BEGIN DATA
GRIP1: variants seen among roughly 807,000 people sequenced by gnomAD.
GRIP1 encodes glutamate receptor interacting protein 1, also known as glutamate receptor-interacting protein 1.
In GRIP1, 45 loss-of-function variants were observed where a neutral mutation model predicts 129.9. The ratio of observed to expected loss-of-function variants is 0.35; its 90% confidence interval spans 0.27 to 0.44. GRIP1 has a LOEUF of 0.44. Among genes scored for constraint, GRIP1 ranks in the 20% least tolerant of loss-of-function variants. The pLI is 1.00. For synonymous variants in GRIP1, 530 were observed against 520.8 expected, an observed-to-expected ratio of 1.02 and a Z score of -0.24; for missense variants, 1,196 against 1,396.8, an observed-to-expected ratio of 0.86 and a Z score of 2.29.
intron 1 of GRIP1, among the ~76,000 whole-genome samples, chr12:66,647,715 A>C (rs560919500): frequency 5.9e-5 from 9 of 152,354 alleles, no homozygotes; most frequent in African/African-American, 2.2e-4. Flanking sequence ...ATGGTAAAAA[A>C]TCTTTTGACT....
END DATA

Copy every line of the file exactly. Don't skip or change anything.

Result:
GRIP1: variants seen among roughly 807,000 people sequenced by gnomAD.
GRIP1 encodes glutamate receptor interacting protein 1, also known as glutamate receptor-interacting protein 1.
In GRIP1, 45 loss-of-function variants were observed where a neutral mutation model predicts 129.9. The ratio of observed to expected loss-of-function variants is 0.35; its 90% confidence interval spans 0.27 to 0.44. GRIP1 has a LOEUF of 0.44. Among genes scored for constraint, GRIP1 ranks in the 20% least tolerant of loss-of-function variants. The pLI is 1.00. For synonymous variants in GRIP1, 530 were observed against 520.8 expected, an observed-to-expected ratio of 1.02 and a Z score of -0.24; for missense variants, 1,196 against 1,396.8, an observed-to-expected ratio of 0.86 and a Z score of 2.29.
intron 1 of GRIP1, among the ~76,000 whole-genome samples, chr12:66,647,715 A>C (rs560919500): frequency 5.9e-5 from 9 of 152,354 alleles, no homozygotes; most frequent in African/African-American, 2.2e-4. Flanking sequence ...ATGGTAAAAA[A>C]TCTTTTGACT....